Clane was occupied by a company of the Armagh militia (who had left Prosperous only two days earlier) and some yeomanry cavalry. Early on the morning of the 24th, a large body of armed rebels stole into the street. The night sentinel had just enough time to, beat to arms. Many of the soldiers were at single billets in the village and were attacked as they left the houses where they had been quartered. Several of them were killed or wounded before they could join their comrades. The guards, however, with great gallantry held the rebels in check until their comrades hastily turned out. A few well-directed volleys routed the rebels and they were driven with considerable loss from the town, but deeming pursuit somewhat foolish, the soldiers returned and secured the village.
Word of the failure of the Clane United Irishmen to secure the village reached Prosperous. At approximately five in the morning, the rebels made a second attempt on Clane, this time they were supported by a column of pikemen and musketeers and a party from Prosperous mounted on the horses and furnished with the arms of the Ancient Britons who they had killed in Prosperous earlier.
The rebels on this occasion did not have the element of surprise on their side, but still they launched a charge on the line. This time the soldiers were ready and waiting. A rolling volley from the soldier’s line brought down half the rebels and dispersed the rest. They soldiers formed a gallop after the rebel column, but as they were not strong enough to attack such a large group and thinking it dishonourable to retreat, the captain, Griffiths, in concurrence with the militia officers, resolved to take post on an elevated spot near the Commons where they could not be surrounded or outflanked and there they waited for the rebels. The rebels advanced but fired high on them without effect, as the elevation was too great.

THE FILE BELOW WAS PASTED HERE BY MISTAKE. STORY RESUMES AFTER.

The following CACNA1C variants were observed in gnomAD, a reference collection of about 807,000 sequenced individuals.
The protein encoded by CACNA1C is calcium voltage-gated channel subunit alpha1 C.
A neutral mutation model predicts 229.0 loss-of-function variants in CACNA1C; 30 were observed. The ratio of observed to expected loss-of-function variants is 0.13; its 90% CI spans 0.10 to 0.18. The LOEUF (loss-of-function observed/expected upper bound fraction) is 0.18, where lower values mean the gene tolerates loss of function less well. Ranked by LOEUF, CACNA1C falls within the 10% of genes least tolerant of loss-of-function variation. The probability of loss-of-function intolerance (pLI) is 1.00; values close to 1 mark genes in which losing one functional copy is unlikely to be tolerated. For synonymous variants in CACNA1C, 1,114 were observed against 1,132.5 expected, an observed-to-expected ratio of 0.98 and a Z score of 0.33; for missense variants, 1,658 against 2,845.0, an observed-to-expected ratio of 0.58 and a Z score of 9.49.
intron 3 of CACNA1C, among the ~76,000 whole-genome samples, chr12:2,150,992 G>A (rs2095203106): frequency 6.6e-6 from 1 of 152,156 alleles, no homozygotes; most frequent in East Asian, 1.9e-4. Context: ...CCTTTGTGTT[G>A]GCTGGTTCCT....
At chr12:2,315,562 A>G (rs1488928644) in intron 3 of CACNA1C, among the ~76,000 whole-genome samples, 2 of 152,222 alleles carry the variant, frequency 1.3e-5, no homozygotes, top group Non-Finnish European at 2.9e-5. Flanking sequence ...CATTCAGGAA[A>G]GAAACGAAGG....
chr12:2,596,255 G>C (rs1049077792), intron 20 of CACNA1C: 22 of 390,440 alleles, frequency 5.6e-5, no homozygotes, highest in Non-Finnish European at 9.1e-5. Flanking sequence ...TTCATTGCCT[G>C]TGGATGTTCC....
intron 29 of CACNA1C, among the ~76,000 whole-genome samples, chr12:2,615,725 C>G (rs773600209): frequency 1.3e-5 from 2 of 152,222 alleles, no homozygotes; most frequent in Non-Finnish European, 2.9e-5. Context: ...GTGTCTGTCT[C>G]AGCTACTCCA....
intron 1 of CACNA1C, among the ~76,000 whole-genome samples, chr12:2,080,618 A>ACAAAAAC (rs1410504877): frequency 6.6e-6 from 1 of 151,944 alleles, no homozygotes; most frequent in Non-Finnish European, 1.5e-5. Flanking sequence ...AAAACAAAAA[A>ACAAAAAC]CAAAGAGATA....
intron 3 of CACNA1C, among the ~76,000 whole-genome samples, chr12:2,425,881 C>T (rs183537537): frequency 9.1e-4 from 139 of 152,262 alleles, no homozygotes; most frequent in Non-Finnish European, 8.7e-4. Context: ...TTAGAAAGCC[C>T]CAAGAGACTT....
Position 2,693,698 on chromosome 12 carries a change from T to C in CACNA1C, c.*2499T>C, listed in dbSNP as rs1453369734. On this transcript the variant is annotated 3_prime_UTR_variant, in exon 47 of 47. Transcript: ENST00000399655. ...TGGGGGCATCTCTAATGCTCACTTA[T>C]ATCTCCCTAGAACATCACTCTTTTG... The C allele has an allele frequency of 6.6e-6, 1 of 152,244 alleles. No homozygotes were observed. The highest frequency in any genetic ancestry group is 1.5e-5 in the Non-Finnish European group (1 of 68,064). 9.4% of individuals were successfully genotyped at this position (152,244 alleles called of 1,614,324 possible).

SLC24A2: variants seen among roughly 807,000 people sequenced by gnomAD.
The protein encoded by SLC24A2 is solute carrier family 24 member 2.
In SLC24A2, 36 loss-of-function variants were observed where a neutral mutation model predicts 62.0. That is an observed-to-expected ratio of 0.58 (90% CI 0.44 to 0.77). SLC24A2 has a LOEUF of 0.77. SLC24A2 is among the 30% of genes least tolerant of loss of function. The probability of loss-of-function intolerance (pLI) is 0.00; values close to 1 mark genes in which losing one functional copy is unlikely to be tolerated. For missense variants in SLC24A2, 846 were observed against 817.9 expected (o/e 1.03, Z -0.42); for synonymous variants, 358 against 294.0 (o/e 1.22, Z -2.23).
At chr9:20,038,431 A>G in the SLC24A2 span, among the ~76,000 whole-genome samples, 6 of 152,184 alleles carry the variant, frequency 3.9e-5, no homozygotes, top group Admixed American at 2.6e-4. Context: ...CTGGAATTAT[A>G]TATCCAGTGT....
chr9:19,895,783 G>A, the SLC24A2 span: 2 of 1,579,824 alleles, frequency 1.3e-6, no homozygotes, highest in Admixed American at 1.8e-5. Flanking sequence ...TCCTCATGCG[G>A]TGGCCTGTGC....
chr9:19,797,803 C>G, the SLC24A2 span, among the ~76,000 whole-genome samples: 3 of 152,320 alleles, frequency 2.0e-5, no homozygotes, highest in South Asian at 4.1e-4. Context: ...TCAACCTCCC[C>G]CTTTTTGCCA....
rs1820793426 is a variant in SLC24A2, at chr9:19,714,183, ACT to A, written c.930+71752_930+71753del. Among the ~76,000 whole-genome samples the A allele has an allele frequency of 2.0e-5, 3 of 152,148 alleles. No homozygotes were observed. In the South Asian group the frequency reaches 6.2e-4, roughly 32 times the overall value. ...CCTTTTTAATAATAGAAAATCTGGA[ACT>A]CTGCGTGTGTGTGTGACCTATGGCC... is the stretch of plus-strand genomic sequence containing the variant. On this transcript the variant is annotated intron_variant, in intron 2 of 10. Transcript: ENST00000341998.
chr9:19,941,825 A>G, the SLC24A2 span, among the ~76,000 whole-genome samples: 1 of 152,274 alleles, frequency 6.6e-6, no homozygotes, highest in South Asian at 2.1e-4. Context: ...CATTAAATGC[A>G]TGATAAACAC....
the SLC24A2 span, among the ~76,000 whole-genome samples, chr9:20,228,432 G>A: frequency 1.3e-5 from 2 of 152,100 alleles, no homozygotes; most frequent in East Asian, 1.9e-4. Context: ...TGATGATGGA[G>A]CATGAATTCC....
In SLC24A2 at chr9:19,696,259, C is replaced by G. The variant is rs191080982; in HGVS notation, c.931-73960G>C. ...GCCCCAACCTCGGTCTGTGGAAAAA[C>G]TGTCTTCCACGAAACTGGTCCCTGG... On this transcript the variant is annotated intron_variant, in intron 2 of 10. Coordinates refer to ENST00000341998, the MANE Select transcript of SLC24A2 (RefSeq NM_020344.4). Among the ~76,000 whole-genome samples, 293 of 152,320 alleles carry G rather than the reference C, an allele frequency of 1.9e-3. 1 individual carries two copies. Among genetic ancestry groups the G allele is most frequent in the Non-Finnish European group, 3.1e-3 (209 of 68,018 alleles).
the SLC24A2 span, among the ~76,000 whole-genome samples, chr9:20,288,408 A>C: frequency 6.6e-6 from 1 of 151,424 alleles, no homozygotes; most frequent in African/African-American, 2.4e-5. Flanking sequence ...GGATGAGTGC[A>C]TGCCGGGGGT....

“Our troops, having returned fire killed and wounded a considerable number of them, on which they fled in great dismay and were charged by Captain Griffith and his sixteen yeomen who cut down many of those whose heads were ornamented with the helmets of the Ancient Britons and the hats of the Cork regiment." (Prosperous lads).
A disorderly flight succeeded, the rebels totally disbanding and throwing away their own ruder weapon, the pike, with the fire-arms and sabres they had captured that morning in Prosperous” - W. H. MAXWELL, Esq
Captain Griffith pursued the rebels towards Prosperous, but believed it too much of a risk to engage them. The rebels fled back into Prosperous, while Griffith retreated to the garrison town of Naas.